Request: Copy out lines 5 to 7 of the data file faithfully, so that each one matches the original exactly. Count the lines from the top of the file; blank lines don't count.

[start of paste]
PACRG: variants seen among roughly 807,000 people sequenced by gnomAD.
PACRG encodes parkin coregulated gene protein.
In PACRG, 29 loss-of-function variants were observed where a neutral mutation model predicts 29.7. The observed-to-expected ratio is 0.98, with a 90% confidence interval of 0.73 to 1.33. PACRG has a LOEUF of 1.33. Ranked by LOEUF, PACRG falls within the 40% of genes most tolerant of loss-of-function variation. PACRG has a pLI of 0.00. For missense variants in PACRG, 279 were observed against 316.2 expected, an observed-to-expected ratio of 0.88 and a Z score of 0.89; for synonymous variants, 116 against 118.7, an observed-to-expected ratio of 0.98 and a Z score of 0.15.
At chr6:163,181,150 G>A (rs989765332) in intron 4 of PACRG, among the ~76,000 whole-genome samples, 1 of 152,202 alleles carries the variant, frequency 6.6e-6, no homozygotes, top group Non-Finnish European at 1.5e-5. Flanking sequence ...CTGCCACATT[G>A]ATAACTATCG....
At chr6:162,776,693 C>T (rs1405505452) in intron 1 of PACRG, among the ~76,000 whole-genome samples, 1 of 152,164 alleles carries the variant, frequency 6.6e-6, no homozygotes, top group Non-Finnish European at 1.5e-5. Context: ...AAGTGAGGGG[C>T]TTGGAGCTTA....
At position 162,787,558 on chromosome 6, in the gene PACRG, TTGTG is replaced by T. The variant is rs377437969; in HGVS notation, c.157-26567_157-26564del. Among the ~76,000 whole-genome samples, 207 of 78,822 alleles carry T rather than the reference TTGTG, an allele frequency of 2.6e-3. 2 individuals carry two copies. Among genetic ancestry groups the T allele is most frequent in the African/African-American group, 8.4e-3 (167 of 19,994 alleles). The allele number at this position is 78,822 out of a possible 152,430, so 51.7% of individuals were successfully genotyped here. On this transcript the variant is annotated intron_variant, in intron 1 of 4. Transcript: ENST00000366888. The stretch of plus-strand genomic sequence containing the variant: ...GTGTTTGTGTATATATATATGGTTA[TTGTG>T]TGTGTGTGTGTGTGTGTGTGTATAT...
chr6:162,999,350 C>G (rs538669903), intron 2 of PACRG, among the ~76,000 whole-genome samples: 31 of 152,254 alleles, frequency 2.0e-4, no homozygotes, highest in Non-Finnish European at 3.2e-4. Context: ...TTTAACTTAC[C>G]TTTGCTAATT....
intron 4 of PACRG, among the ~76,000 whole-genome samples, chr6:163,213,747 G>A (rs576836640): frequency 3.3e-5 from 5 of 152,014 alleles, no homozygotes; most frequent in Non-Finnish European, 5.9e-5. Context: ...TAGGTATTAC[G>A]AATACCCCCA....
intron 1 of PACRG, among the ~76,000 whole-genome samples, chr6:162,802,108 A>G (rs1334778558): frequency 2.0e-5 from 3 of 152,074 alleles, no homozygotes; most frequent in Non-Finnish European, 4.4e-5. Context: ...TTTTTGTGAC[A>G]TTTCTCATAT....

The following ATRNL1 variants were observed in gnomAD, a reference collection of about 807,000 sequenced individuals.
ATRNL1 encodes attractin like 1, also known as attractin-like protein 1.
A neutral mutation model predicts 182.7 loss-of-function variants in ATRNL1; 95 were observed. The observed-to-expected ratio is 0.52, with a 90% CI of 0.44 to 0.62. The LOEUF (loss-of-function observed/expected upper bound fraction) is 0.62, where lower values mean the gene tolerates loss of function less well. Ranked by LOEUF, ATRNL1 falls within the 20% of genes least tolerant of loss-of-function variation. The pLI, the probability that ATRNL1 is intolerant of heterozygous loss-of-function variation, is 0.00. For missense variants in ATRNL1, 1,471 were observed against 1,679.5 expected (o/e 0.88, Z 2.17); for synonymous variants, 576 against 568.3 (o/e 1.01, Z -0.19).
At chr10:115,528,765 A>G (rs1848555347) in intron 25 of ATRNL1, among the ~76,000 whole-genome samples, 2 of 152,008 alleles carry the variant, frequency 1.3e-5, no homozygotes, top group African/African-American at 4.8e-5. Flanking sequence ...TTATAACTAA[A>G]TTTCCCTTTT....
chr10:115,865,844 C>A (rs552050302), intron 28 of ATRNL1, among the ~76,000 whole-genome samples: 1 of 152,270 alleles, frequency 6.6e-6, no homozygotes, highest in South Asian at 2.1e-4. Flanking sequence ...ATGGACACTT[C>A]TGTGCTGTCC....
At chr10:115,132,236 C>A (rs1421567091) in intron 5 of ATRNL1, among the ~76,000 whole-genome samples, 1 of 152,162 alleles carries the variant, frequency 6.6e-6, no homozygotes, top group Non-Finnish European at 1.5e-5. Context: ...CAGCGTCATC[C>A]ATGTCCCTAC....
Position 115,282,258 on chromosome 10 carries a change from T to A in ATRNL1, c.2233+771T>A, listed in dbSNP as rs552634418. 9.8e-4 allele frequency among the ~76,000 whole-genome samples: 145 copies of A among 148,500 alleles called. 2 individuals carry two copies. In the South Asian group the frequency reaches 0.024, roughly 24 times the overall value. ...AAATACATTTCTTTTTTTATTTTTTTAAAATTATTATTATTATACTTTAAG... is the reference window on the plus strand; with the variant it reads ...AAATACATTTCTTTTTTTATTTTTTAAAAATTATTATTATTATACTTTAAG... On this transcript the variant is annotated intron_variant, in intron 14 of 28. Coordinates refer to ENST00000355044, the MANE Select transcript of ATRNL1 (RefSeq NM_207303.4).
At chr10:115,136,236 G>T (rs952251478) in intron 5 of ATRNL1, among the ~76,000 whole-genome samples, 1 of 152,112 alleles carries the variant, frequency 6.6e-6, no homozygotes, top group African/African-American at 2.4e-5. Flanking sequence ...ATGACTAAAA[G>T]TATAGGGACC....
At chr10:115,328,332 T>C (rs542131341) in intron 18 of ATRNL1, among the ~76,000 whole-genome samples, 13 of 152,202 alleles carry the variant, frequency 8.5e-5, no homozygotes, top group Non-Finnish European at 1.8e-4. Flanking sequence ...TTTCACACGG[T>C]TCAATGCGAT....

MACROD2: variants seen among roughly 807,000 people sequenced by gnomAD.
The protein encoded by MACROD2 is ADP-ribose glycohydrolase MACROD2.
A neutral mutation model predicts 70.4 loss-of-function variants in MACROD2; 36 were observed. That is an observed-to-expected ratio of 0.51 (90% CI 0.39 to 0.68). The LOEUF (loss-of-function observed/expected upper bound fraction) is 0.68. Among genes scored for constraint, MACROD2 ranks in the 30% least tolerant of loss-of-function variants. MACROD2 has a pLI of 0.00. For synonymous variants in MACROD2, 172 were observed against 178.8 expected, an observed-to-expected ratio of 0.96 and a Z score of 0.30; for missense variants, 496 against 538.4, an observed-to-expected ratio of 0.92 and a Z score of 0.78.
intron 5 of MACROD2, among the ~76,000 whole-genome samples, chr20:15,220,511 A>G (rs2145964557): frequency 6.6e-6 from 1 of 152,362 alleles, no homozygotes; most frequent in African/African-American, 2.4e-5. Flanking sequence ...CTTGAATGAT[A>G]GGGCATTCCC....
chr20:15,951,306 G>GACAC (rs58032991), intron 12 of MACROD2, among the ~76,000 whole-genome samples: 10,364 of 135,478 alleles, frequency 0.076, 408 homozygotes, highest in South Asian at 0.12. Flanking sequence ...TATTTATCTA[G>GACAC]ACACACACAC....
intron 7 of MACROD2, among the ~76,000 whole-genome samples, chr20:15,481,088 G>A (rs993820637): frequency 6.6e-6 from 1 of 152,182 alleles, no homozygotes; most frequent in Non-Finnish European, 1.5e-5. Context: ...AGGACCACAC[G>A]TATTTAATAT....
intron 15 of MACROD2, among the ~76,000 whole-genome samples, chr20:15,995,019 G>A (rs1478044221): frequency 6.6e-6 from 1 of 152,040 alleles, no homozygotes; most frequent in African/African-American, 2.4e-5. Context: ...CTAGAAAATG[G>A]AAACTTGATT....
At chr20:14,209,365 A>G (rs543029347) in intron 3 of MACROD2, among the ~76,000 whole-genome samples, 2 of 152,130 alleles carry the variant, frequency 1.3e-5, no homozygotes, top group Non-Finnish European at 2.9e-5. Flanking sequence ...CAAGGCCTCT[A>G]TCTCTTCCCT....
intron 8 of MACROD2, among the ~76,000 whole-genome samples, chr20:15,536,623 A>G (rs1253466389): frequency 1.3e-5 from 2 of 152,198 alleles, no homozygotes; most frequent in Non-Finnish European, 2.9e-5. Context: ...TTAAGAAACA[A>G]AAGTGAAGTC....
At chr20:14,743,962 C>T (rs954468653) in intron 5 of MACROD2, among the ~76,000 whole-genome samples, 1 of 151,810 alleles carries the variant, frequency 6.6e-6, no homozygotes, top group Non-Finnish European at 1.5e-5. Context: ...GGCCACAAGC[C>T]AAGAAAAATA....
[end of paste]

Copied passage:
At chr6:162,776,693 C>T (rs1405505452) in intron 1 of PACRG, among the ~76,000 whole-genome samples, 1 of 152,164 alleles carries the variant, frequency 6.6e-6, no homozygotes, top group Non-Finnish European at 1.5e-5. Context: ...AAGTGAGGGG[C>T]TTGGAGCTTA....
At position 162,787,558 on chromosome 6, in the gene PACRG, TTGTG is replaced by T. The variant is rs377437969; in HGVS notation, c.157-26567_157-26564del. Among the ~76,000 whole-genome samples, 207 of 78,822 alleles carry T rather than the reference TTGTG, an allele frequency of 2.6e-3. 2 individuals carry two copies. Among genetic ancestry groups the T allele is most frequent in the African/African-American group, 8.4e-3 (167 of 19,994 alleles). The allele number at this position is 78,822 out of a possible 152,430, so 51.7% of individuals were successfully genotyped here. On this transcript the variant is annotated intron_variant, in intron 1 of 4. Transcript: ENST00000366888. The stretch of plus-strand genomic sequence containing the variant: ...GTGTTTGTGTATATATATATGGTTA[TTGTG>T]TGTGTGTGTGTGTGTGTGTGTATAT...
chr6:162,999,350 C>G (rs538669903), intron 2 of PACRG, among the ~76,000 whole-genome samples: 31 of 152,254 alleles, frequency 2.0e-4, no homozygotes, highest in Non-Finnish European at 3.2e-4. Context: ...TTTAACTTAC[C>G]TTTGCTAATT....